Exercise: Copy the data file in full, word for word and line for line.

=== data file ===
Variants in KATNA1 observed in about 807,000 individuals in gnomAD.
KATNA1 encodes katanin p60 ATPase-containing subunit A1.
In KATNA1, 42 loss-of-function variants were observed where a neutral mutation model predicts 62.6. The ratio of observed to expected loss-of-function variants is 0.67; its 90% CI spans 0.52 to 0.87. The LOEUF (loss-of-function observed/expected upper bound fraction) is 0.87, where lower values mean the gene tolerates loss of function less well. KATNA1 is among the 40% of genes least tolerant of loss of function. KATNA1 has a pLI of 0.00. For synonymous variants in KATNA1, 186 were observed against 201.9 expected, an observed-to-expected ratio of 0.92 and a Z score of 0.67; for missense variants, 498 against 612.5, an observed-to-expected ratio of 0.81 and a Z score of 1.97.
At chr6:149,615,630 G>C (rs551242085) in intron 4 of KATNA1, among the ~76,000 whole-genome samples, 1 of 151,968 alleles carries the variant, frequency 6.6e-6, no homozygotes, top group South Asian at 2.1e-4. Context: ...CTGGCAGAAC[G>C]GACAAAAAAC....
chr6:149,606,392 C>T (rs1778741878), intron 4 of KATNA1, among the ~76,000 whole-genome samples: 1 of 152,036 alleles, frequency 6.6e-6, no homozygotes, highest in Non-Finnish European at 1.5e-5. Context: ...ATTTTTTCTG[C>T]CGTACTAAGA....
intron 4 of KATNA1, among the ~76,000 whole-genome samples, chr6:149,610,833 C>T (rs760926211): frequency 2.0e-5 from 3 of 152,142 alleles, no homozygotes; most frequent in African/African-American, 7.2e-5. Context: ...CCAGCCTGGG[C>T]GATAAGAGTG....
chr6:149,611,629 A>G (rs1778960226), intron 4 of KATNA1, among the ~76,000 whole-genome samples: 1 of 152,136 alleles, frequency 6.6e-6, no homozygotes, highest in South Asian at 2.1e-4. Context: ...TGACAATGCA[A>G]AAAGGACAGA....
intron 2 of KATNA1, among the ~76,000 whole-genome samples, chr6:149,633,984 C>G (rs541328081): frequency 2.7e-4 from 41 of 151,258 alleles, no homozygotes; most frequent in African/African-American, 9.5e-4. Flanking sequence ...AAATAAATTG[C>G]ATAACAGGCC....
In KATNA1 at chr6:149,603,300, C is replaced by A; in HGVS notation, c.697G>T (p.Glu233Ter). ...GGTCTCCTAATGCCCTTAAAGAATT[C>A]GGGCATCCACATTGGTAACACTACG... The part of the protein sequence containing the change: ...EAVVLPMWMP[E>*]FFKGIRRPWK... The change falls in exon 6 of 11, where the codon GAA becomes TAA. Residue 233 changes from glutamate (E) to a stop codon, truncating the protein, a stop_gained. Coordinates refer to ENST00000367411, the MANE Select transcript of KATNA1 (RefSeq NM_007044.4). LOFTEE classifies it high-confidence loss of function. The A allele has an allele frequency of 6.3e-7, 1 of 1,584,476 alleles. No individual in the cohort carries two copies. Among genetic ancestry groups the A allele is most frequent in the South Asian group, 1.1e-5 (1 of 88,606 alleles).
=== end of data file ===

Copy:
Variants in KATNA1 observed in about 807,000 individuals in gnomAD.
KATNA1 encodes katanin p60 ATPase-containing subunit A1.
In KATNA1, 42 loss-of-function variants were observed where a neutral mutation model predicts 62.6. The ratio of observed to expected loss-of-function variants is 0.67; its 90% CI spans 0.52 to 0.87. The LOEUF (loss-of-function observed/expected upper bound fraction) is 0.87, where lower values mean the gene tolerates loss of function less well. KATNA1 is among the 40% of genes least tolerant of loss of function. KATNA1 has a pLI of 0.00. For synonymous variants in KATNA1, 186 were observed against 201.9 expected, an observed-to-expected ratio of 0.92 and a Z score of 0.67; for missense variants, 498 against 612.5, an observed-to-expected ratio of 0.81 and a Z score of 1.97.
At chr6:149,615,630 G>C (rs551242085) in intron 4 of KATNA1, among the ~76,000 whole-genome samples, 1 of 151,968 alleles carries the variant, frequency 6.6e-6, no homozygotes, top group South Asian at 2.1e-4. Context: ...CTGGCAGAAC[G>C]GACAAAAAAC....
chr6:149,606,392 C>T (rs1778741878), intron 4 of KATNA1, among the ~76,000 whole-genome samples: 1 of 152,036 alleles, frequency 6.6e-6, no homozygotes, highest in Non-Finnish European at 1.5e-5. Context: ...ATTTTTTCTG[C>T]CGTACTAAGA....
intron 4 of KATNA1, among the ~76,000 whole-genome samples, chr6:149,610,833 C>T (rs760926211): frequency 2.0e-5 from 3 of 152,142 alleles, no homozygotes; most frequent in African/African-American, 7.2e-5. Context: ...CCAGCCTGGG[C>T]GATAAGAGTG....
chr6:149,611,629 A>G (rs1778960226), intron 4 of KATNA1, among the ~76,000 whole-genome samples: 1 of 152,136 alleles, frequency 6.6e-6, no homozygotes, highest in South Asian at 2.1e-4. Context: ...TGACAATGCA[A>G]AAAGGACAGA....
intron 2 of KATNA1, among the ~76,000 whole-genome samples, chr6:149,633,984 C>G (rs541328081): frequency 2.7e-4 from 41 of 151,258 alleles, no homozygotes; most frequent in African/African-American, 9.5e-4. Flanking sequence ...AAATAAATTG[C>G]ATAACAGGCC....
In KATNA1 at chr6:149,603,300, C is replaced by A; in HGVS notation, c.697G>T (p.Glu233Ter). ...GGTCTCCTAATGCCCTTAAAGAATT[C>A]GGGCATCCACATTGGTAACACTACG... The part of the protein sequence containing the change: ...EAVVLPMWMP[E>*]FFKGIRRPWK... The change falls in exon 6 of 11, where the codon GAA becomes TAA. Residue 233 changes from glutamate (E) to a stop codon, truncating the protein, a stop_gained. Coordinates refer to ENST00000367411, the MANE Select transcript of KATNA1 (RefSeq NM_007044.4). LOFTEE classifies it high-confidence loss of function. The A allele has an allele frequency of 6.3e-7, 1 of 1,584,476 alleles. No individual in the cohort carries two copies. Among genetic ancestry groups the A allele is most frequent in the South Asian group, 1.1e-5 (1 of 88,606 alleles).